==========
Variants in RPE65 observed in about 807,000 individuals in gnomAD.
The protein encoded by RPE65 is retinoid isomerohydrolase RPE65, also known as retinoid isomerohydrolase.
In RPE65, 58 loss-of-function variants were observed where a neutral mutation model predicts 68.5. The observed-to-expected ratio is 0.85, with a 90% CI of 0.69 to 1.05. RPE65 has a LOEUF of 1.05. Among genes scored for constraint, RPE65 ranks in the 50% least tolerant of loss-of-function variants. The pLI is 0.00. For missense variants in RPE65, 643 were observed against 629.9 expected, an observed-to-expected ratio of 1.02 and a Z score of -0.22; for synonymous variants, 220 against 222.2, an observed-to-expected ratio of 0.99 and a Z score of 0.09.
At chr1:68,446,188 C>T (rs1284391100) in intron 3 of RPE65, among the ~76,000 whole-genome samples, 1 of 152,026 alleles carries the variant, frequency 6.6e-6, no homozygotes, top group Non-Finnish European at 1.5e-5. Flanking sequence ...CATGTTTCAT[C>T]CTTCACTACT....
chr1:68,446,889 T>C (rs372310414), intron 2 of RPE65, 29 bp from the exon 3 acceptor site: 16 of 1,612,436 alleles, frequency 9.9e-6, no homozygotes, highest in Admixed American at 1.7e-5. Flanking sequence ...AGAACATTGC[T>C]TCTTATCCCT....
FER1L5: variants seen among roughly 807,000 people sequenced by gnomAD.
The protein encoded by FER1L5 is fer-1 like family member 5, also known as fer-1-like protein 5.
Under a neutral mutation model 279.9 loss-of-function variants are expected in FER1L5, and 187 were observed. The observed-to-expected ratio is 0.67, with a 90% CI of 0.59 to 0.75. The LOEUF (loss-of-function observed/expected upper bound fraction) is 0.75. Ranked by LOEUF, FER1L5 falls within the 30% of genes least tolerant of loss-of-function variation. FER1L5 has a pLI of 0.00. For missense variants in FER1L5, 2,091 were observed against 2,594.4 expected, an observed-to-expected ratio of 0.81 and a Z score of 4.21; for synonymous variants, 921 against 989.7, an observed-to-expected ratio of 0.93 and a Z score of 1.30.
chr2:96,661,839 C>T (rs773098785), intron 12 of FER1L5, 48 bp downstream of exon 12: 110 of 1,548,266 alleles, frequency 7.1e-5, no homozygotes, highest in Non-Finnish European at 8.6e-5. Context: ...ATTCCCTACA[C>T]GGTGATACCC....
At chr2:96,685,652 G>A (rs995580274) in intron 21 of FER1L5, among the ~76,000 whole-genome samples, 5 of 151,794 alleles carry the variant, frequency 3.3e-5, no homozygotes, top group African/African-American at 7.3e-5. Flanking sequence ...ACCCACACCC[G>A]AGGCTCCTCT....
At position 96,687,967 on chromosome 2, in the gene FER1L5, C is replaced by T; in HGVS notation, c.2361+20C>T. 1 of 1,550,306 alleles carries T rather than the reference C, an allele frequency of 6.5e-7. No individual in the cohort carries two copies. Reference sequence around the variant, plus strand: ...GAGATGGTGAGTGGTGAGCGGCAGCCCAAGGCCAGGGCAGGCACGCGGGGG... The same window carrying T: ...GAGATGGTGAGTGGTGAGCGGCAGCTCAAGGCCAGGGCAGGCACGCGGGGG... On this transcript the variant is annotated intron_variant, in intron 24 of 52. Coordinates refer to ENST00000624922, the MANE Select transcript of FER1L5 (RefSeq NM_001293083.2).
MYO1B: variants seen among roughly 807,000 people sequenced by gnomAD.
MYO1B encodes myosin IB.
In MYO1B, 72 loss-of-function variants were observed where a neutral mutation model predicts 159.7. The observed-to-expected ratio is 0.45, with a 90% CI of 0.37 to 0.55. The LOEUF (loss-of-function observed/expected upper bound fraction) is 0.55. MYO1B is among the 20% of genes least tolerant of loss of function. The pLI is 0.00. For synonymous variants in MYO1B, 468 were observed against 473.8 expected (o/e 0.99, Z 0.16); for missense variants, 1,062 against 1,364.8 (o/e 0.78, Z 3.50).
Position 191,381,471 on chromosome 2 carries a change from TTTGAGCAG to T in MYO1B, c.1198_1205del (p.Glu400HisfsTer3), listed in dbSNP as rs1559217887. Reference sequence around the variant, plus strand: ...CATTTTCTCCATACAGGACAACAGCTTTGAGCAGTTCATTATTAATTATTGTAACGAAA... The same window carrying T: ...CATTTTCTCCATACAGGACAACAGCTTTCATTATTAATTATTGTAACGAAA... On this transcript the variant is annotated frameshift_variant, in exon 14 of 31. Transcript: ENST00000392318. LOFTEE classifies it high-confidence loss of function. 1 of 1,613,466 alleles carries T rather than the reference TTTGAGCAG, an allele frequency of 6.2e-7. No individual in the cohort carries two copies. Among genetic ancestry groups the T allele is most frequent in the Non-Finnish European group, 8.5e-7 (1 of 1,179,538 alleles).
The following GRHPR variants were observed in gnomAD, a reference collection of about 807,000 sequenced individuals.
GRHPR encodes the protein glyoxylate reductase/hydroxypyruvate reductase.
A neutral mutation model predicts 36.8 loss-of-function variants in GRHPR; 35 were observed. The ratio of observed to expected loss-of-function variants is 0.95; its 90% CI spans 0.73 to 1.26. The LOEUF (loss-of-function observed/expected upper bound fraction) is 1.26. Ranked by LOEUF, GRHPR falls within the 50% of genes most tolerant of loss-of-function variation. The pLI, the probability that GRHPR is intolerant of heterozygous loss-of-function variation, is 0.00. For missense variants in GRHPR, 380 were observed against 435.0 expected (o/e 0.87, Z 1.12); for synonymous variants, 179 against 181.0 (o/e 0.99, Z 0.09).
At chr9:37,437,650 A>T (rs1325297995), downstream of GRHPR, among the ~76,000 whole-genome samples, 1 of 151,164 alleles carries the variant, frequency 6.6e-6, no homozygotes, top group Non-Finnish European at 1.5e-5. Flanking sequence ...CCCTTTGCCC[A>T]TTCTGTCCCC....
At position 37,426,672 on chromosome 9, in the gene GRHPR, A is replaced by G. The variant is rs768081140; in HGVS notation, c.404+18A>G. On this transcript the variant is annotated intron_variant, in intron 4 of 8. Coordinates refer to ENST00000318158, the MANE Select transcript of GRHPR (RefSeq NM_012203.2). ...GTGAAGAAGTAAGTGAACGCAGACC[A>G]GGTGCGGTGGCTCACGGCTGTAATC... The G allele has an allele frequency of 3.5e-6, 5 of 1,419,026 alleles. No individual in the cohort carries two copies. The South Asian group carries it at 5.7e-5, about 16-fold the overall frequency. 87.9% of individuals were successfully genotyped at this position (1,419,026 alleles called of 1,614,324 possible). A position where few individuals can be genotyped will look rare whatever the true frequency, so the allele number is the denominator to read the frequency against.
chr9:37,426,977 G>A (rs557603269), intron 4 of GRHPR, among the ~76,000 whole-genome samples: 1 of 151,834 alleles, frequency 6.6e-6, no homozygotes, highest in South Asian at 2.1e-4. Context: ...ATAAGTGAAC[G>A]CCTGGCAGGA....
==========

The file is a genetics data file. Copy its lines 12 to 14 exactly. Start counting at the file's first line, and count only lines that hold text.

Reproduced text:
MYO1B: variants seen among roughly 807,000 people sequenced by gnomAD.
MYO1B encodes myosin IB.
In MYO1B, 72 loss-of-function variants were observed where a neutral mutation model predicts 159.7. The observed-to-expected ratio is 0.45, with a 90% CI of 0.37 to 0.55. The LOEUF (loss-of-function observed/expected upper bound fraction) is 0.55. MYO1B is among the 20% of genes least tolerant of loss of function. The pLI is 0.00. For synonymous variants in MYO1B, 468 were observed against 473.8 expected (o/e 0.99, Z 0.16); for missense variants, 1,062 against 1,364.8 (o/e 0.78, Z 3.50).